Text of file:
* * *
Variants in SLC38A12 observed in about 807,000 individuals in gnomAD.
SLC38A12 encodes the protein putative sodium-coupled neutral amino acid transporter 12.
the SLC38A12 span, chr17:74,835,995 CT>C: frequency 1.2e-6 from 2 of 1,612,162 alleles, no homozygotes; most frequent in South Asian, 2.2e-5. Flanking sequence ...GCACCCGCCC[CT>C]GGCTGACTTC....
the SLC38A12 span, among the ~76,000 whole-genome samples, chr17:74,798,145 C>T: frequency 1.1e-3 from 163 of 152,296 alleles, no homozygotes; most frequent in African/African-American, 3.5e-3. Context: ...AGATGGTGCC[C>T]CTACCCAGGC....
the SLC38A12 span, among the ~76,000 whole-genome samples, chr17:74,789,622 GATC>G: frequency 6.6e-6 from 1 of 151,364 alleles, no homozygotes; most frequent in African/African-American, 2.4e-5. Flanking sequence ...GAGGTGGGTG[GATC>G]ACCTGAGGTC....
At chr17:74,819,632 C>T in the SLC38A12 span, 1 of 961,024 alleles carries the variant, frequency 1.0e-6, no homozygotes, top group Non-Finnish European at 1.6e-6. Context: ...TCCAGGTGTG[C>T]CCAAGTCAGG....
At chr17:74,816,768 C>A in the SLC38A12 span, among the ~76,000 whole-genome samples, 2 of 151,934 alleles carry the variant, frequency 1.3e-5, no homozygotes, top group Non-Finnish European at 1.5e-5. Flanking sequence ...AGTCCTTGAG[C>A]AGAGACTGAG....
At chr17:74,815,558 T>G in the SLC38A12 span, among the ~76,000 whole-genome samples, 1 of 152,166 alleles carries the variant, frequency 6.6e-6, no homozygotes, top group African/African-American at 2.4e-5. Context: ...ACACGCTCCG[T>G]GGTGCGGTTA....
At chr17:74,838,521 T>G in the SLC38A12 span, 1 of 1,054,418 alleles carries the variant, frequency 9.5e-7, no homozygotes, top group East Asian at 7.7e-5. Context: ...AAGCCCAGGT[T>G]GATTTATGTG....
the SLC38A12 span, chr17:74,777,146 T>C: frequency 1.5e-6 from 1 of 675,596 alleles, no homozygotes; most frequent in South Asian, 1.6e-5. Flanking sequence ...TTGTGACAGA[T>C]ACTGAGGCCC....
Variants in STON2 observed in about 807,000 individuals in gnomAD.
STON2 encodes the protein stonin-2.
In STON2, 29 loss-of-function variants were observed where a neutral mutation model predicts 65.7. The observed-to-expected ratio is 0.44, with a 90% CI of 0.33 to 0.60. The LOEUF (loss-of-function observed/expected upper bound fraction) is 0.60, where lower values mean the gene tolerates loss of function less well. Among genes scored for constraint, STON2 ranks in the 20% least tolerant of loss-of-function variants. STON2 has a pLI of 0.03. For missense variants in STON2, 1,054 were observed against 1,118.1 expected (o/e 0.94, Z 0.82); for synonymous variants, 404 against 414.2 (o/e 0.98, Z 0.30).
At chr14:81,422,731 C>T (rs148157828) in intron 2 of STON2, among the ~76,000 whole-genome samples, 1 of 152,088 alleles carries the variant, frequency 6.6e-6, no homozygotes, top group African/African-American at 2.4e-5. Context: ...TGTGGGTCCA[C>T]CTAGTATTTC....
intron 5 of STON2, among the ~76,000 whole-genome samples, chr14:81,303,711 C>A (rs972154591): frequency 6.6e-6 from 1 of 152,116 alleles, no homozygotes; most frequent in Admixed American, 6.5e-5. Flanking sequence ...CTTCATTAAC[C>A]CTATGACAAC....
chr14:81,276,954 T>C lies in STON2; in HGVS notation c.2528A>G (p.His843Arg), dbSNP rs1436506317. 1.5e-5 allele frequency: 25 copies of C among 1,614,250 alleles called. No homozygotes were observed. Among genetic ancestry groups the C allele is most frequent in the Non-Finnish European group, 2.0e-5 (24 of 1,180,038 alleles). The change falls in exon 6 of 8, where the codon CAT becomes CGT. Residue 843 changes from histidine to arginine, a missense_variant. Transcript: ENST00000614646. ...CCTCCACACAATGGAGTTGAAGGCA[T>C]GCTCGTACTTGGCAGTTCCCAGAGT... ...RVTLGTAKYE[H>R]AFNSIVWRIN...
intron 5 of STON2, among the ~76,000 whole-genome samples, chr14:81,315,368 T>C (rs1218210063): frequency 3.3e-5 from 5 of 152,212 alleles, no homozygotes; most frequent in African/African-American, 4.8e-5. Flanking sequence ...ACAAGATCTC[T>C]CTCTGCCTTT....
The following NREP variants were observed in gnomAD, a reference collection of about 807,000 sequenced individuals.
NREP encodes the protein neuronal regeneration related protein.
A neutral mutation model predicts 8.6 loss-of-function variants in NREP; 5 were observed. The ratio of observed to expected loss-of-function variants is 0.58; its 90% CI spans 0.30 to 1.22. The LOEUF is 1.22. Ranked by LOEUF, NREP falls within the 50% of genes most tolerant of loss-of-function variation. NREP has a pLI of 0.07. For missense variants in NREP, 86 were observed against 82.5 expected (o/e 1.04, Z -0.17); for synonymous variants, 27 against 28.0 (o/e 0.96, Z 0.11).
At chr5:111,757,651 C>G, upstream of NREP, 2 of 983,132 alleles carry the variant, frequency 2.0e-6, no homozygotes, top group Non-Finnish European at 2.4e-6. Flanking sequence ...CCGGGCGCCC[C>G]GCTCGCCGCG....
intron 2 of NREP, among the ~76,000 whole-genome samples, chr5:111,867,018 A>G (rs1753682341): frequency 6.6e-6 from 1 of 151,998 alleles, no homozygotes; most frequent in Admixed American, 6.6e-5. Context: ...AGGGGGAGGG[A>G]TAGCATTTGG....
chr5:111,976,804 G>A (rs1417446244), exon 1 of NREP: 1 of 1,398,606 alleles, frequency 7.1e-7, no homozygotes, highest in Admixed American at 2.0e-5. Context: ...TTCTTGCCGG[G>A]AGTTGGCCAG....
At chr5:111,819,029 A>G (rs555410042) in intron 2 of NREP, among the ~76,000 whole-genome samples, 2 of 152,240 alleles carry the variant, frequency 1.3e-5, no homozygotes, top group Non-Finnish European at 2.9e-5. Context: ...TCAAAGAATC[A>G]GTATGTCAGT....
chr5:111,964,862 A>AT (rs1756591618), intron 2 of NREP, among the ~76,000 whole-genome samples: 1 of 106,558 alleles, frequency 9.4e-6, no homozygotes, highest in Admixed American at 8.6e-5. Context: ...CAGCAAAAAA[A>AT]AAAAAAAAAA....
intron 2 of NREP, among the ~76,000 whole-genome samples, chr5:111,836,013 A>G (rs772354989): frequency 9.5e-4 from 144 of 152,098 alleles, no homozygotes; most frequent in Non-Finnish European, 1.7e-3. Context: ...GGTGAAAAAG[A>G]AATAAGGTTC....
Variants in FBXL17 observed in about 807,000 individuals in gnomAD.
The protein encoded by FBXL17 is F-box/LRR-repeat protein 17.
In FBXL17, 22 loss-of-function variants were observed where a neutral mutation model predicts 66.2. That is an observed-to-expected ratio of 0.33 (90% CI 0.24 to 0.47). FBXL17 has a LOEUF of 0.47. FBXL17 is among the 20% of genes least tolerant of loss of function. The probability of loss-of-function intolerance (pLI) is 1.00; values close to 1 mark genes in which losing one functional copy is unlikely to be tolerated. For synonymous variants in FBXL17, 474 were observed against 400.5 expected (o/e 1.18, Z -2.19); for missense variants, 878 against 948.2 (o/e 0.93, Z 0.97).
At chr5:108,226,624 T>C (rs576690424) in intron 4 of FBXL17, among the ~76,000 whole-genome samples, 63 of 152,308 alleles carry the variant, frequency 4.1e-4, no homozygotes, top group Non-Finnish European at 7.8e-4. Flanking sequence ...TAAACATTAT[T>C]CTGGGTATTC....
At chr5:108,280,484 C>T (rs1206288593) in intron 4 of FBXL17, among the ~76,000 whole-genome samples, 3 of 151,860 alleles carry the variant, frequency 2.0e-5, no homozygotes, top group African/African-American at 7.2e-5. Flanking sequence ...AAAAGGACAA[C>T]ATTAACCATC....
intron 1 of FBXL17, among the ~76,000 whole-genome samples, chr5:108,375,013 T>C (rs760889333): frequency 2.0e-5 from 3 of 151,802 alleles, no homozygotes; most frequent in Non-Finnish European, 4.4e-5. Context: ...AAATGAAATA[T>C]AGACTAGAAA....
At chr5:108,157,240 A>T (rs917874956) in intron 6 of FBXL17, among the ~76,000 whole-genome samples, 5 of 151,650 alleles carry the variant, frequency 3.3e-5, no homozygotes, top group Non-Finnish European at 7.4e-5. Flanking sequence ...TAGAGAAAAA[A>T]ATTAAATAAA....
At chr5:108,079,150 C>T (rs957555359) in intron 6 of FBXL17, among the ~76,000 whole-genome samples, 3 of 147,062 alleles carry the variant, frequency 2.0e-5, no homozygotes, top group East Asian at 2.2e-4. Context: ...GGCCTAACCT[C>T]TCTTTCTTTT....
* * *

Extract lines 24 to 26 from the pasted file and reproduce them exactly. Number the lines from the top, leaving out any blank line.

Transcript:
At chr5:111,819,029 A>G (rs555410042) in intron 2 of NREP, among the ~76,000 whole-genome samples, 2 of 152,240 alleles carry the variant, frequency 1.3e-5, no homozygotes, top group Non-Finnish European at 2.9e-5. Context: ...TCAAAGAATC[A>G]GTATGTCAGT....
chr5:111,964,862 A>AT (rs1756591618), intron 2 of NREP, among the ~76,000 whole-genome samples: 1 of 106,558 alleles, frequency 9.4e-6, no homozygotes, highest in Admixed American at 8.6e-5. Context: ...CAGCAAAAAA[A>AT]AAAAAAAAAA....
intron 2 of NREP, among the ~76,000 whole-genome samples, chr5:111,836,013 A>G (rs772354989): frequency 9.5e-4 from 144 of 152,098 alleles, no homozygotes; most frequent in Non-Finnish European, 1.7e-3. Context: ...GGTGAAAAAG[A>G]AATAAGGTTC....